Mary Ball Washington Museum and Library
Keeping the Rich History of Virginia
Preserved and Secure
Most Americans know the name George Washington … but do you know the name Mary Ball? She was George Washington's mother, born in Lancaster County in Virginia's Northern Neck region. The Mary Ball Washington Museum and Library (MBWML) was established in 1958 and named to honor the mother of America's first president. The museum and library preserves the rich history of the Northern Neck through its collections, exhibits, tours, and educational programs.
Celebrating a Region Rich with History
The Museum's collection includes several historically significant buildings in the village of Lancaster, including the Old Jail, the Old Clerk's Office, and the Steuart-Blakemore Building. The MBWML's website explains how the collection is a reflection of ever-changing, rich history: "Every item, every aspect, has a story and a connection proving that history is neither static nor carved in stone. New stories surface, like arrowheads long buried, providing constant shifting of information that gives vitality to history."
The library contains thousands of published records, books, manuscripts, periodicals, and microfilms about the Northern Neck region of Virginia. There is a $5 fee to use the library, but it is open to the public for history and genealogy research. The library gets a mix of both general public visitors looking up family history as well as graduate students, writers, historians, and other professionals. MBWML also holds an annual Court Day Festival, which provides a full "living history day" of reenactments, music, storytelling, demonstrations, and more.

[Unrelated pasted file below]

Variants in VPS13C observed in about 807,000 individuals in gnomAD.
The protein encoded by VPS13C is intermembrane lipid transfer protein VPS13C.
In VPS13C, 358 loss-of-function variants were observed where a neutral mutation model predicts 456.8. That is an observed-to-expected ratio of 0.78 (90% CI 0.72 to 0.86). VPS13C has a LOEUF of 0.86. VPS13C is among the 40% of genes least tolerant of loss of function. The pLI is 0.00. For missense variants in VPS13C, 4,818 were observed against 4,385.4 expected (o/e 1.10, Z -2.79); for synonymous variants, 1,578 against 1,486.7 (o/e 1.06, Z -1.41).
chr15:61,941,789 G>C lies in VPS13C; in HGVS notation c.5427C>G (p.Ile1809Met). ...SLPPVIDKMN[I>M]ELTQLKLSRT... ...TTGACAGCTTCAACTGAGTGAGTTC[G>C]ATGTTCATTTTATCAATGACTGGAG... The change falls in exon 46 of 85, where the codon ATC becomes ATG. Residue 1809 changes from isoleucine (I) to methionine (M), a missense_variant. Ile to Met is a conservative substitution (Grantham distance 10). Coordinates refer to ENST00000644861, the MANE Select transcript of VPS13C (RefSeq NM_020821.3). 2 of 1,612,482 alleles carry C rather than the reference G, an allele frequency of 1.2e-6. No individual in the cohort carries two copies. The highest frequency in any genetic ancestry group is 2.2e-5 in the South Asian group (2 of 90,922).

Small Staff, Big Impact
With everything that the MBWML does, it might seem like the nonprofit has a large staff. The truth is that there is only one full-time person on staff, Karen Hart, the executive director. With the support of another part-time staff member and more than 70 volunteers, the MBWML is able to serve the 700 – 1,000 annual local citizens, tourists, students, genealogists, and scholars who visit the museum and library. In addition to these visitors, the museum and library does outreach programs for both children and adults and serves visitors virtually through its website.
As the only full-time staff member, Hart wears a lot of hats at MBWML. Not only does she manage the daily operations of the facilities and visitor services, she has also been supervising the major structural repairs and preservation work on one of the Museum's buildings, the Lancaster House.
Keeping History Protected
Like many libraries and educational institutes, the MBWML has public computer workstations (10) that are shared with both volunteers and public users. With so many different users, the organization needs to keep its computers free of malware and viruses. Some of the MBWML's work involves the digitization of historical records, such as those needed to create the Lancaster County Estate Records Database. Having secure, clean computers is a must for the organization to keep these history projects running.
Hart said that the MBWML has been requesting donations of Norton antivirus products for several years through TechSoup. For a one-and-a-half staffed operation with no IT department, it is crucial to have software that works well and requires little maintenance. "Norton has a good reputation and is easy to use," she said. "I don't have to think about doing manual scans and updates and I can put all of our computers on the same license and on the same renewal schedule."
Without TechSoup and donor partners like Symantec, Hart says that it would be impossible for the organization to keep all of its software up-to-date. Having donated technology products and free resources through TechSoup is a big time saver for Hart. When technology doesn't get in the way, the Mary Ball Washington Museum and Library can better focus on preserving and sharing the rich history of Lancaster County.
This story originally appeared on the TechSoup Blog and was written by Ginny Mies, senior content curator at TechSoup.